By Katharina Hacker
Translated by Helen Atkins
Reviewed by Jeff Waxman
At the outset, I didn’t particularly care for this book. Yet, as a work of fiction, The Have-Nots bears no great deficiencies and has, in fact, a certain charm to it. In spite of this, or, perhaps, because of it, I can’t love this book. Perhaps my heart is too small to embrace the multitude of characters, or perhaps my distaste for post-9/11 literature is too great. This is such a novel of our time. The Have-Nots is a not a book about people who are lacking, but people who have too much—too much pain, too many memories, too much angst and ambiguity. They feel too much and dwell too much in each other. What they have not is any real awareness of the poverty of their respective existences. My distaste for this book is an entirely personal reaction to a fairly good, maybe even great, novel.
It is a very German work. The Holocaust plays a sort of bizarre Jiminy Cricket role in post World War II German consciousness. It’s ever-present now, framing and informing German literature. In this novel, Hacker plays with a narrative clockwork that I first encountered in Sherwood Anderson’s Winesburg, Ohio. In the four—really many more than that—simultaneous stories, dozens of lives perform work on the others; each story acts as a cog, turning the others in a gloriously complex movement that anyone could appreciate. Like Anderson’s characters, Hacker’s characters are grotesque, spiritually and emotionally deformed and, for all of that, beautiful. Hacker hasn’t Anderson’s or Joyce’s ability to define individual characters, but her grasp of this intricate form is extraordinary. Perhaps I’m reaching too much into my own recent activities, but this book is like the television show Lost.
Seriously, I think it is. Bear with me.
The Have-Nots follows the interwoven stories of dozens of characters in two countries: Jakob and Isabelle, Jim and Mae, Dave and Sara, and Andras and Magda. The beauty of these stories is that each exists and continues without the reader’s attention. To begin to describe the interconnectedness of it all would either be futile or take an incredibly long time. In either case, I won’t. Central to the novel are Jakob and Isabelle, a German couple who move to England where Jakob is to take a position made vacant by the death of a colleague in the attack on the World Trade Center. Isabelle, his new wife, is an illustrator. These bourgeoisie are the most significant characters, yet the haziest—they’re constantly lost in the world around them, swallowed by a book that attempts to encapsulate so many different lives that those at the center are lost in the drama of those at the edges and their hopeless stories full of violence, crime, abuse, drugs, and just about every other misfortune these characters could quietly experience. Sound like any award-winning television show in particular? Yessir, it sounds like Lost.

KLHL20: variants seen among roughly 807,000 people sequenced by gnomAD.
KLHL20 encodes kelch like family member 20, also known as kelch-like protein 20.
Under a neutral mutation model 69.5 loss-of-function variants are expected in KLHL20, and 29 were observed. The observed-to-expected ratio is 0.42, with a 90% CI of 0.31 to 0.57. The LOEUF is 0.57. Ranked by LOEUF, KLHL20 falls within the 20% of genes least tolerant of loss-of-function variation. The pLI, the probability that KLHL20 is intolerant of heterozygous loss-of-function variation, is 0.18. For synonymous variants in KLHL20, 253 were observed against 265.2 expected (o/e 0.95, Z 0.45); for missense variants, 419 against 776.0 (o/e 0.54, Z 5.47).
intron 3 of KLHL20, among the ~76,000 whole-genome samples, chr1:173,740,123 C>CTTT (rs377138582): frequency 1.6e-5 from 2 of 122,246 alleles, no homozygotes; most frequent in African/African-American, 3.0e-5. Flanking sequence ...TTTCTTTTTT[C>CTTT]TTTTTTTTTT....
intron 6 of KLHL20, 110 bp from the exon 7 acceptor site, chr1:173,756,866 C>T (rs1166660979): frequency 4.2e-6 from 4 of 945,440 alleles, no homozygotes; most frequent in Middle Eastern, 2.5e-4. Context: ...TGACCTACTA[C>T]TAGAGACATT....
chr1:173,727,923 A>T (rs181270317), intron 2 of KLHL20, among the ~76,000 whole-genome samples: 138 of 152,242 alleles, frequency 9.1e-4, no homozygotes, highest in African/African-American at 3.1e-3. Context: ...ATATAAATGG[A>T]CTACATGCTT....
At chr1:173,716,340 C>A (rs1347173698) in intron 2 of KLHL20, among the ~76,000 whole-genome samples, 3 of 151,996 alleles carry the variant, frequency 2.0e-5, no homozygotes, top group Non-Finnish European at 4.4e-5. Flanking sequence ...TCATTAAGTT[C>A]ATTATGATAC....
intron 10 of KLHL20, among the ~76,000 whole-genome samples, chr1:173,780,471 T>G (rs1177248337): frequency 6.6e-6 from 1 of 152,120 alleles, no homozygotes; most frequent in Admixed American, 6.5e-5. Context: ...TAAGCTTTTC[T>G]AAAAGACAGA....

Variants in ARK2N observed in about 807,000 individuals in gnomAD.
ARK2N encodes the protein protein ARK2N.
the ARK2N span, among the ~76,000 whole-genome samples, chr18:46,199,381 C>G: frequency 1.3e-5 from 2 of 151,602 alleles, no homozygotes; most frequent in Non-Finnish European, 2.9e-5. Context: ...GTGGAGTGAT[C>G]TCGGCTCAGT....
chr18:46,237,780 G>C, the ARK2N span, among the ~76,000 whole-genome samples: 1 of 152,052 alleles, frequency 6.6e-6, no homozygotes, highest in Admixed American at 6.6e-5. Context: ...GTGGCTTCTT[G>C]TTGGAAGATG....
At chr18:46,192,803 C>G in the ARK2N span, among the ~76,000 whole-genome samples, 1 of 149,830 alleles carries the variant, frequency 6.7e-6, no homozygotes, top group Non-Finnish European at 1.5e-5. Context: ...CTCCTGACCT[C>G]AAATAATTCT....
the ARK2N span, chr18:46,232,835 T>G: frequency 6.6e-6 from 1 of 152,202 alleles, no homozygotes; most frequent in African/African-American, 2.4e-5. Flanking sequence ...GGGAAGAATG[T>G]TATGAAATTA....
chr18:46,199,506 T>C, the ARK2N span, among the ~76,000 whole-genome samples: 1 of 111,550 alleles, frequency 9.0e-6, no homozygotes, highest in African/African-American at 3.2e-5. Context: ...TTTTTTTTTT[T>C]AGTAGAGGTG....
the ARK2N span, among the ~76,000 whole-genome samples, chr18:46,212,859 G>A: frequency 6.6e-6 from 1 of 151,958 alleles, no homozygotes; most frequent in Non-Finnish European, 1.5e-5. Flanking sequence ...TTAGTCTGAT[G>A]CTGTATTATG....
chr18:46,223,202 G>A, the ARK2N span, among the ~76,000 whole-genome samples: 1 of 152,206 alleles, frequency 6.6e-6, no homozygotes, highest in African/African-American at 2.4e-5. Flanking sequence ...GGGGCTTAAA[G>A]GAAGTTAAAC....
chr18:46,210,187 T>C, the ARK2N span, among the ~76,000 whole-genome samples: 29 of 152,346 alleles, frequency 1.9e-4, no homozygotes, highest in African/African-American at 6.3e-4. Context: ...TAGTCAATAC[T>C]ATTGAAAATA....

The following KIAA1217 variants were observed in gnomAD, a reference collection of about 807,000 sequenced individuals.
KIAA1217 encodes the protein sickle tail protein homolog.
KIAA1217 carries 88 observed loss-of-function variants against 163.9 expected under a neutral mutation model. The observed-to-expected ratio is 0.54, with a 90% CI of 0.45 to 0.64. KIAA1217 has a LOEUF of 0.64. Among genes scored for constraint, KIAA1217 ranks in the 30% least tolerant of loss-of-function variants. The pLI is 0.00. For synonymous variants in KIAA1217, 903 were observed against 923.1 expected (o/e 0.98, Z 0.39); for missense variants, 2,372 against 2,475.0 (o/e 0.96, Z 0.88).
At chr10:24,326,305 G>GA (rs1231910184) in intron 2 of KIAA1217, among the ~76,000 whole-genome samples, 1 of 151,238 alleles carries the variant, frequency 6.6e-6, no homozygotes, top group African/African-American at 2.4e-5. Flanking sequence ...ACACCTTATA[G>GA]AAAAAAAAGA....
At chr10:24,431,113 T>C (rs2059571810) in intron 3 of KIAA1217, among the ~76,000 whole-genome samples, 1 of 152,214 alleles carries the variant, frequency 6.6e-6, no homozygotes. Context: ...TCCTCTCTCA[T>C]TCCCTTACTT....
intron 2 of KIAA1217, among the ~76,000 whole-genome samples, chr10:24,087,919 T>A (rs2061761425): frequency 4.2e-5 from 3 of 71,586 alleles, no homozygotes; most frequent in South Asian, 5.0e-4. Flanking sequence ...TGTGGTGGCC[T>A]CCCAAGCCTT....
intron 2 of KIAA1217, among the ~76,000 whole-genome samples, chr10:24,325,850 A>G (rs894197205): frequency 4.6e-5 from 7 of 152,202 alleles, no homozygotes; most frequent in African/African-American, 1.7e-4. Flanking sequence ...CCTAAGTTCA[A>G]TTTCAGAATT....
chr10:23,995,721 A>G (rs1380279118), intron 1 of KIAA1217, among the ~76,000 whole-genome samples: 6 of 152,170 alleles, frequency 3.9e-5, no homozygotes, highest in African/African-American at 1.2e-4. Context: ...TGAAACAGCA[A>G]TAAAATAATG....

Our characters occupy very different worlds and yet they exist side-by-side, largely anonymously, but in perfect symphony. The world—even just the Western World—has always seemed enormous, with nations separated by geography, but especially by language. Hacker collapses this too-large world and brings Germany and England and New York within painful millimeters of each other. Perhaps in literature in translation, in books like Ms. Hacker’s, we all have the opportunity to reacquaint ourselves with cousins lost since Babel, with writers telling our stories in other languages. We were lost, but we’re now found through the shared emotion and shared events of novels like this one. In all of its beauty and complexity, Hacker’s book, which I still cannot love, has brought me to the realization that we’re all closer than I thought; uncomfortably close. Just like Lost.
This is also novel about class, but also about motion and interconnectedness and simultaneity and contrast. Nothing remains in stasis. Our characters occupy very different worlds and yet they exist side-by-side, largely anonymously, but in perfect symphony. This book’s triumph and its failure is in its unwavering pursuit of truth.
by Katharina Hacker
Translated from the German by Helen Atkins
341 pages, $14.95